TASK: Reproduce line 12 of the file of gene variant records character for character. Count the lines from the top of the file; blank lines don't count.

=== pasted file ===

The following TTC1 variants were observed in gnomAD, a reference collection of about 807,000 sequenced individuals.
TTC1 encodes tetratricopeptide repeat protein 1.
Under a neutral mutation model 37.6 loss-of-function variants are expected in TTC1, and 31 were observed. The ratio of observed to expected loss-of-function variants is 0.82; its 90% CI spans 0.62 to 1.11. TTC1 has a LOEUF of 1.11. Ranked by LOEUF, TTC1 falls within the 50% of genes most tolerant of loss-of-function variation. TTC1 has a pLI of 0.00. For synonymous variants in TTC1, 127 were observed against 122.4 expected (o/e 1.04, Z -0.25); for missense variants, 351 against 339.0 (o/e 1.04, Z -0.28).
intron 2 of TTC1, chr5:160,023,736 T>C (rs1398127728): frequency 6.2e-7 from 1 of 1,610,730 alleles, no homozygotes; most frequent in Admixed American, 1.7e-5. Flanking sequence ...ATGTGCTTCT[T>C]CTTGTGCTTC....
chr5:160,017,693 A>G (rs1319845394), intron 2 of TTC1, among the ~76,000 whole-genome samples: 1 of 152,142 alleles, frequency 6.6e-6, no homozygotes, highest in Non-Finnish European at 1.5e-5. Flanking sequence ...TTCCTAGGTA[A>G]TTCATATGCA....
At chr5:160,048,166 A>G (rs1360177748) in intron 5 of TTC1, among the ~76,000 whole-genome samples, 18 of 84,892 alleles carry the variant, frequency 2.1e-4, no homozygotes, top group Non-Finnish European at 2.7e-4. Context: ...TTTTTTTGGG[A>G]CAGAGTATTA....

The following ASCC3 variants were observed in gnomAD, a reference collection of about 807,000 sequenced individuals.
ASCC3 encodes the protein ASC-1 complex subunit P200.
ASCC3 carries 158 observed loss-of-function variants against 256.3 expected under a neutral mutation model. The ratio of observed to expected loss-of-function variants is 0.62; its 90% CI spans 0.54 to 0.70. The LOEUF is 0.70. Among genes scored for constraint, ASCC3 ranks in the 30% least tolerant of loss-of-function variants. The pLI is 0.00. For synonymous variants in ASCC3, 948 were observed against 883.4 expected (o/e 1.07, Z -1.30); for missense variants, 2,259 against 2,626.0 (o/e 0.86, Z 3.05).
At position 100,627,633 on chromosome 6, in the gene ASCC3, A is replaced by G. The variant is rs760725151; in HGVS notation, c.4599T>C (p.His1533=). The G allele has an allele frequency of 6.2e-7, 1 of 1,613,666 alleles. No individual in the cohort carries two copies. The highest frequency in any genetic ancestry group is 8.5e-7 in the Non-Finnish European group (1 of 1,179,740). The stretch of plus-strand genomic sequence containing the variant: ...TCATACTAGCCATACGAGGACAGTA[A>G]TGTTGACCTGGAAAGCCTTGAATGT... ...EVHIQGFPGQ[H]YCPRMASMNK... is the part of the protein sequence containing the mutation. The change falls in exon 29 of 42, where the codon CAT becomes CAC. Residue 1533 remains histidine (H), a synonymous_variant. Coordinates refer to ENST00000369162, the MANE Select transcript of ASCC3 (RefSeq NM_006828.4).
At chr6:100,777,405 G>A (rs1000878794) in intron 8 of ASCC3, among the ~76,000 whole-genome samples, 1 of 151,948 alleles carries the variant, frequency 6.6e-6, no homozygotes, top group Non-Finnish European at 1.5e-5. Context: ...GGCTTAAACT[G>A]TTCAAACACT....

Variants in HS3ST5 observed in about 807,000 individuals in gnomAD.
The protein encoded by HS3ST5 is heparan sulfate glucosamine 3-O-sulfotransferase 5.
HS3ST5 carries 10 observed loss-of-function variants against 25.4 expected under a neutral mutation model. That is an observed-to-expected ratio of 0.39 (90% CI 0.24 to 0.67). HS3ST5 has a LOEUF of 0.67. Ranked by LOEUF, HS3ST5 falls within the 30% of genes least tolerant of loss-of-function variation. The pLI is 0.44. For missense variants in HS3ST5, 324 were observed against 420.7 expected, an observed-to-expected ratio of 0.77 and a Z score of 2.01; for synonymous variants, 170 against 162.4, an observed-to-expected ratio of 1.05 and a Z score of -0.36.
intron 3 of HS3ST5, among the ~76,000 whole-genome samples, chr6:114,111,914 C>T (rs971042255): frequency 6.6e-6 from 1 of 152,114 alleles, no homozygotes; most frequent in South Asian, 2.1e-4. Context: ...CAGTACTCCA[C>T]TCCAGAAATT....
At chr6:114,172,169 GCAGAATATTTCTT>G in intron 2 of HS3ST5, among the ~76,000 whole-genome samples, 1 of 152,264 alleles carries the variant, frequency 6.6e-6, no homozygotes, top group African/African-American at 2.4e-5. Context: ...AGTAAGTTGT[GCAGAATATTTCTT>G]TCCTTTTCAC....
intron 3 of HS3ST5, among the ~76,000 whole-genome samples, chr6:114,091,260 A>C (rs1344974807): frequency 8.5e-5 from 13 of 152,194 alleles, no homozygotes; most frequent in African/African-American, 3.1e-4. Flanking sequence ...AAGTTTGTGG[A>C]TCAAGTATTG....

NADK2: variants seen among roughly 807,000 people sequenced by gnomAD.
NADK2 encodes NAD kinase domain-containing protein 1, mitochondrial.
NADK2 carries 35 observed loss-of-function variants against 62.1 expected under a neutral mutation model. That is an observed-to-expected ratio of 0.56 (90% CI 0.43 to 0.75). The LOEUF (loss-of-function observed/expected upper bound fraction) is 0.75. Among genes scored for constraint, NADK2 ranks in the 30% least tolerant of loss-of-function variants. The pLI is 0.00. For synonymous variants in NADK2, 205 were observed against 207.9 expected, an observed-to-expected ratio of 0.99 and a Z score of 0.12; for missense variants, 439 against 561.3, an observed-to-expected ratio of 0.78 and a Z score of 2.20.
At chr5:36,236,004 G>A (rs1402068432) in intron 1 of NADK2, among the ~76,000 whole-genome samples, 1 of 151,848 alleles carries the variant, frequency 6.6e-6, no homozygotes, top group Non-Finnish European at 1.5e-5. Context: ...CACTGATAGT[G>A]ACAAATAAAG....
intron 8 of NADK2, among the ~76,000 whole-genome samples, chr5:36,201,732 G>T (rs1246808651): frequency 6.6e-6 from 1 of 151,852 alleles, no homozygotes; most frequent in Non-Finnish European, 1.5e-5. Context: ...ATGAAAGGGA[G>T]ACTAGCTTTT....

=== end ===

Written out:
Variants in HS3ST5 observed in about 807,000 individuals in gnomAD.